Founding Brothers: The Revolutionary Generation
In retrospect, it seems as if the American Revolution was inevitable. But was it? In Founding Brothers, Joseph J. Ellis reveals that many of those truths we hold to be self-evident were actually fiercely contested in the early days of the republic.
Ellis focuses on six crucial moments in the life of the new nation, including a secret dinner at which the seat of the nation'...more
I felt double bad about this book because I had bought it for my dad earlier in the year as a birthday gift, and when it was on the required reading list of my American History cou ...more
This is a sentence found on page 80 of Joseph J. Ellis's Foundi ...more
The very idea of a legitimate opposition did not yet exist in the political culture of the 1790s, and the evolution of political parties was proceeding in an environment that continued to regard the word party as an epithet. In effect, the leadership of th...more
Ellis divides the book into six chapters, each revolving around a pivotal point in time, or around specific persons. People mentioned, specifically:
* George Washin ...more
The first founding declared American independence; the second, American nationhood.
The United States should have faltered in the 1790s, it's really amazing that it didn't. No money, squabbling amon ...more
I respectfully disagree, and prefer David McCullough's approach to history. Speaking at Brigham Young Univeristy in 2005, McCullough said:
"[N]obody ever lived in the past. Jefferson, Adams, Geo ...more
However, the final two chapters concerning the famous and often contentious relationship betw ...more
This expansive history examines these very human figures in the context of (mainly) the 1790's and brings them to life through the lenses of six different events.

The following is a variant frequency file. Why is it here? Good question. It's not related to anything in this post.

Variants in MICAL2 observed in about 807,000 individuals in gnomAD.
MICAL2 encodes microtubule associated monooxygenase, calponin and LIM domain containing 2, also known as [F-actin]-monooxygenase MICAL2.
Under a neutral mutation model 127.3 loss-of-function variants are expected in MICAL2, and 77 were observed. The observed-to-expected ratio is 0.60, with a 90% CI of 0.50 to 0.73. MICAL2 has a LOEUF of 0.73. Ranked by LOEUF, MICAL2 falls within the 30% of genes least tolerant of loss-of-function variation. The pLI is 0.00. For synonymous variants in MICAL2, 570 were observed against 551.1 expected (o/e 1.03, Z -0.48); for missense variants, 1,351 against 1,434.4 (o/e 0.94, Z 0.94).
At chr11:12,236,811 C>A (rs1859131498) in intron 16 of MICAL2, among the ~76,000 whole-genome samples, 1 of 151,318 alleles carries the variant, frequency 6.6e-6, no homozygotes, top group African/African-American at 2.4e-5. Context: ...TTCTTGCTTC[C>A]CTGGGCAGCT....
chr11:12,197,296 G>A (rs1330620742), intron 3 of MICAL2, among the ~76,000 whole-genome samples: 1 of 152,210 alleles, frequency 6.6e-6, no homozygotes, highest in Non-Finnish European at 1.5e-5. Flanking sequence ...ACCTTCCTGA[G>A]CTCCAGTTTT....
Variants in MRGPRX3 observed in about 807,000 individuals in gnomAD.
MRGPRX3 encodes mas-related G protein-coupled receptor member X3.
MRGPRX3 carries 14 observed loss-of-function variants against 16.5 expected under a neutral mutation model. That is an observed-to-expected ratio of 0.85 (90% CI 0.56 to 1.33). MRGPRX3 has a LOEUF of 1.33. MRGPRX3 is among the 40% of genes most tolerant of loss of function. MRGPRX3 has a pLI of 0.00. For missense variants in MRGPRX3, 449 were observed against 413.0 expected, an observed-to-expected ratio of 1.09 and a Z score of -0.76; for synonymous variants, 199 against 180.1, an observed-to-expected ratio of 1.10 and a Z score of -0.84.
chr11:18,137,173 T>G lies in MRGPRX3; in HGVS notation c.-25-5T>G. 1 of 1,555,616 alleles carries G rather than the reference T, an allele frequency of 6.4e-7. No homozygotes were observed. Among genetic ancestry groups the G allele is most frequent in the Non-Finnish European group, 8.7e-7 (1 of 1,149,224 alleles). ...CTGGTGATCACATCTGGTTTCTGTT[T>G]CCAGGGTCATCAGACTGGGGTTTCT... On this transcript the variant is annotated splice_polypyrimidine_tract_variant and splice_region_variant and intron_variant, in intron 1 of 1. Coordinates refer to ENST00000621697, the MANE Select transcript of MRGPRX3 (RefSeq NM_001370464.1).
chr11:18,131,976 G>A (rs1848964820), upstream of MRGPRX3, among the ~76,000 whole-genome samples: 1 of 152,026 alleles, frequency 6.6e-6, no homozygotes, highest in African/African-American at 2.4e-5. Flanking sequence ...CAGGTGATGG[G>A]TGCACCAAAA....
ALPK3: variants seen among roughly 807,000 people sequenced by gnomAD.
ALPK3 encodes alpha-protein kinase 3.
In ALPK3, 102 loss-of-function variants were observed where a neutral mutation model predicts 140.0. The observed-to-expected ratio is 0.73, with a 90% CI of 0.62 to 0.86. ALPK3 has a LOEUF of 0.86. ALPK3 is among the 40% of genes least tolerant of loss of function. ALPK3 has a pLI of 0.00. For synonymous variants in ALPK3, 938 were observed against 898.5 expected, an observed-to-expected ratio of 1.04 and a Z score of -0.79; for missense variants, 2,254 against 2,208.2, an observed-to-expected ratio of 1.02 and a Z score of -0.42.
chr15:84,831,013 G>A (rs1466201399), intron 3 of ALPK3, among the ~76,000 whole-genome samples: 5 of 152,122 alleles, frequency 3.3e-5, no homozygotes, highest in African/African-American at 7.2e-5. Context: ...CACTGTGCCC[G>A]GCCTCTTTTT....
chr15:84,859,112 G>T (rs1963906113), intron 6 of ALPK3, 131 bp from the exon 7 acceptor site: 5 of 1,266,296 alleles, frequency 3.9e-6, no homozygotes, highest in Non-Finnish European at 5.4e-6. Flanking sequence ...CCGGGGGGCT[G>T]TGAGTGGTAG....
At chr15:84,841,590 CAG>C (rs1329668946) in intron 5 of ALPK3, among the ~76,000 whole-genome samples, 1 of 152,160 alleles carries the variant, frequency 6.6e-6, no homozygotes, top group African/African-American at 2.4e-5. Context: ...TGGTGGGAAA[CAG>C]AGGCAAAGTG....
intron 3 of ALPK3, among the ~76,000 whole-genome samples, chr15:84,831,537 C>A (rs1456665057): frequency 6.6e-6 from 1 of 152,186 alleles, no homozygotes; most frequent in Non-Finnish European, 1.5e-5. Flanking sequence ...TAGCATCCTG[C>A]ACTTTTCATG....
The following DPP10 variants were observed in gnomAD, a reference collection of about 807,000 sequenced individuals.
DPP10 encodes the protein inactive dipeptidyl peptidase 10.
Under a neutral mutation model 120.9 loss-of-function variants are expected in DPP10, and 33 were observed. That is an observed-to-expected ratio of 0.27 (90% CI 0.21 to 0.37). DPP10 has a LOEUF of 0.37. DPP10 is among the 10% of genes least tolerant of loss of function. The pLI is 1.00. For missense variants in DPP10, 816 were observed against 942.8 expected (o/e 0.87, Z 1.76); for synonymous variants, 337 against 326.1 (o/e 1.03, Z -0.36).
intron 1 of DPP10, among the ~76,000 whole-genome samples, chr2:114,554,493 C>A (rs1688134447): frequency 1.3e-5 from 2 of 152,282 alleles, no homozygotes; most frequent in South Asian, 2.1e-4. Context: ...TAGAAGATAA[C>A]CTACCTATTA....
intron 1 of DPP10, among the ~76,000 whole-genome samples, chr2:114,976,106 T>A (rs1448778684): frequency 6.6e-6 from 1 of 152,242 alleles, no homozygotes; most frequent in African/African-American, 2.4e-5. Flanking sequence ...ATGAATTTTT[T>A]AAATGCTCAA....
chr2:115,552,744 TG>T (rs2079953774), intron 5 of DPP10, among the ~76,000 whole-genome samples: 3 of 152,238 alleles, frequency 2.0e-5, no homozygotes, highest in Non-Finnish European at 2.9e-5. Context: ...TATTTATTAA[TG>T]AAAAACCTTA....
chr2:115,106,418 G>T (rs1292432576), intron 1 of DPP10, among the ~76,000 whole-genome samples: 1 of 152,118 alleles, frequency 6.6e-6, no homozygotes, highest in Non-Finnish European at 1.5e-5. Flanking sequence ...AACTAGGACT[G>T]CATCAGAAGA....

Though this was my second reading of this excellent book, I found much that I had ...more
For anyone interested in the earliest days of the American republic, this book is a must-read. Pulitzer Prize-winning author Joseph Ellis transports us to the tumultuous years after the Revolutionary War, during which our Founding F ...more
In Founding Brothers, he takes us into the heads of Washington, Hamilton, Jefferson, Adams and Madison in this captivating short read, a collection of essays taking off from events of the time including a duel, a dinner, a departure from office and a correspondence.
Jefferson and Adams are of particular interest ...more
I only read this book because I am obsessed with the musical Hamilton.
I hate to be that kind of person. And I know I’m not the only one who’s obsessed, but I’ve been a huge Lin-Manuel Miranda fan ever since I moved 500 miles away from home at age 24 while sobbing along to the finale of In the Heights. It's a song all about understanding what “home” means, and as I drove across the mountains of West Virginia towards the Pennsylvania Turnpike, I realized that, even tho ...more
I didn't like Ellis' writing much: I found it to be plodding and he is fond of overusing certain words, such as, weird ...more